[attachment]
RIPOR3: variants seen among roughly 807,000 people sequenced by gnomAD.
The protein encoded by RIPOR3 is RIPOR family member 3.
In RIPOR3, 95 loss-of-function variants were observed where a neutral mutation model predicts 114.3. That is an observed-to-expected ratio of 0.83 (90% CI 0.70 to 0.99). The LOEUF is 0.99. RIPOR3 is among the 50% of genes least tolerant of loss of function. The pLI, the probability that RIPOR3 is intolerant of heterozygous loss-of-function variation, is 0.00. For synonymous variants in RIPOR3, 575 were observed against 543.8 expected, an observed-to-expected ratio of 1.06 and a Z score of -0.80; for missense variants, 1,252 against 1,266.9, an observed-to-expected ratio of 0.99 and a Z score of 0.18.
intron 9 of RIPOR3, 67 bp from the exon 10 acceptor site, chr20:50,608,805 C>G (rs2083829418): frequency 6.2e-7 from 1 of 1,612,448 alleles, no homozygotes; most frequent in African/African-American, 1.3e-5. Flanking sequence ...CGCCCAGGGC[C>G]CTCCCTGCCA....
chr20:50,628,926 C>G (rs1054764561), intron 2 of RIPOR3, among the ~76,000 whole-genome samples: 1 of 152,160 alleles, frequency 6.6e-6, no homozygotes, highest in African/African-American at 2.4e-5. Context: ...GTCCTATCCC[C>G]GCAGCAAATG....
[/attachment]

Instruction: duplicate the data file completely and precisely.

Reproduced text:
RIPOR3: variants seen among roughly 807,000 people sequenced by gnomAD.
The protein encoded by RIPOR3 is RIPOR family member 3.
In RIPOR3, 95 loss-of-function variants were observed where a neutral mutation model predicts 114.3. That is an observed-to-expected ratio of 0.83 (90% CI 0.70 to 0.99). The LOEUF is 0.99. RIPOR3 is among the 50% of genes least tolerant of loss of function. The pLI, the probability that RIPOR3 is intolerant of heterozygous loss-of-function variation, is 0.00. For synonymous variants in RIPOR3, 575 were observed against 543.8 expected, an observed-to-expected ratio of 1.06 and a Z score of -0.80; for missense variants, 1,252 against 1,266.9, an observed-to-expected ratio of 0.99 and a Z score of 0.18.
intron 9 of RIPOR3, 67 bp from the exon 10 acceptor site, chr20:50,608,805 C>G (rs2083829418): frequency 6.2e-7 from 1 of 1,612,448 alleles, no homozygotes; most frequent in African/African-American, 1.3e-5. Flanking sequence ...CGCCCAGGGC[C>G]CTCCCTGCCA....
chr20:50,628,926 C>G (rs1054764561), intron 2 of RIPOR3, among the ~76,000 whole-genome samples: 1 of 152,160 alleles, frequency 6.6e-6, no homozygotes, highest in African/African-American at 2.4e-5. Context: ...GTCCTATCCC[C>G]GCAGCAAATG....